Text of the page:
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  • Ross Moughtin

When you are threatened with Tadcaster.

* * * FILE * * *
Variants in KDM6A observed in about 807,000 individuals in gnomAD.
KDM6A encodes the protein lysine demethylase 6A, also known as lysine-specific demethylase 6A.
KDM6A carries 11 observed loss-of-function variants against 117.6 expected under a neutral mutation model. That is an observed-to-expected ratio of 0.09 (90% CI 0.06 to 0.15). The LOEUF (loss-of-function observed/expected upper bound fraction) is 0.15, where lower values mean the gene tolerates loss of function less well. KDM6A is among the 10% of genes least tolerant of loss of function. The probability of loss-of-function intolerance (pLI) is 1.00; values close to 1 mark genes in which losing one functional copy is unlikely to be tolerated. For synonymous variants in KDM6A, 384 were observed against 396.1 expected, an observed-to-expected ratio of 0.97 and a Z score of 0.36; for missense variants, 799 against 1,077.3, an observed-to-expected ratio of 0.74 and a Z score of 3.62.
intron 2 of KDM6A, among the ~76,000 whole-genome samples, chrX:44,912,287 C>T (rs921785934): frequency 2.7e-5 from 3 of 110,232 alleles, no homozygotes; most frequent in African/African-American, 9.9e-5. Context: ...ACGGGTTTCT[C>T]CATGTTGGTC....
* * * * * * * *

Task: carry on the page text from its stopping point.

“Don’t leave it too late to die” counsels the quietly efficient Sister Gilchrist of her patients in the newly-renamed Shirley Bassey ward. Even so her patients persist in regular song and dance routines, in particular “Good Golly Miss Molly’ which brings the house down at the beginning of the second act. Last night Jacqui and I made our way to Edge Hill’s Rose Theatre for the streaming of Alan Bennett’s new play, “Allelujah!” being performed at the Bridge Theatre in London. Set in the geriatric ward of the Beth, an old-fashioned but much loved hospital in the West Riding of Yorkshire, this beautifully acted play muses on the meaning of life when to all intents and purposes life has come to an end. As often in his plays Bennett – himself, now 84 - speaks to us through one of his characters and here he ponders the possibility that “life might still have something to offer beyond the next dollop of turkey mince”. A lot of humour of course – although you need a working knowledge of the different characteristics of Yorkshire towns. “Huddersfield had nabbed the kidney, and Doncaster, of all places, the liver” complains the pompous and self-promoting hospital chairman. And menacingly the patients were threatened with being moved to Tadcaster. That was lost on me. Nevertheless Bennett is angry, very angry – but being English he is quietly-mannered and understated. He is angry with the way we treat our old people, he is angry with the way the NHS is being managed, with our immigration policy, with the way our nation is drifting. Above all, Bennett is angry with life itself, with the cruelty of old age. “How rude”, remarks one of the patients after hearing that his friend has died in the night. “Didn’t he realise there’s a queue?’ However, religion is scarcely mentioned in the play. The disgruntled daughter of the newly admitted patients observes: “She was C of E but with all these vicars being had up she went over to atheism. ” But that’s it Curiously the hospital chaplain never even puts his head around the door but already the cast list is already too full with some 25 players. Bennett used to be a Christian. A lapsed Anglican he was brought up in the Church and became very religious as a teenager, but “has slowly left it over the years.” Nevertheless this national treasure is immensely grateful for surviving, and would like, he says, to still be religious as he was when he was young, “just because you want to say thank you to something sometimes”. Now, like most people in our society, he is agnostic rather than atheist. “I’m leaving it open.” Nevertheless “leaving it open” is not a sure foundation and certainly no rock against the storm of old age. How can you look forward to the future when there is no future to look forward to? I was struck this week by a quote from another Oxford man, C S Lewis. “There are far, far better things ahead than any we leave behind.” This - of course - flies in the face of human experience once we have passed our allocated three score years and ten – which will be, incidentally, my privilege next month. As Lewis expounds elsewhere, “The continual looking forward to the eternal world is not a form of escapism or wishful thinking, but one of the things a Christian is meant to do.” I recall the quiet confidence of Cynthia who faced old age with a assurance of someone unnerved by the ageing process. Her favourite text was the apostle Paul’s stirring words: “So we do not lose heart. Even though our outer nature is wasting away, our inner nature is being renewed day by day.” (2 Corinthians 4:16f) Or as Eugene Peterson’s Message translation puts it: “Even though on the outside it often looks like things are falling apart on us, on the inside, where God is making new life, not a day goes by without his unfolding grace.” Eugene who died just last week was a living testament to this text. Among his final words were “Let’s go.” For a disciple of Jesus is someone who entrusts their whole life to him, whatever may be left (which may not be long) so that we may not fear death. Not because we are inherently immortal but simply because God keeps his promises. His faithfulness is all we need. I read only this morning in my BRF Guidelines that when Jesus calls us to lose our lives – which we will inevitably lose anyway - in order to follow him (Mark 8:35), “this amounts to a promise that those who give up their lives to follow him will be saved from death.” So we may live life to the full whatever our bladder control. As Peterson taught “We practice our death by giving up our will to live on our own terms. Only in that relinquishment or renunciation are we able to practice resurrection.” Or to quote Bennett along with angels and archangels: “Alleluia!”

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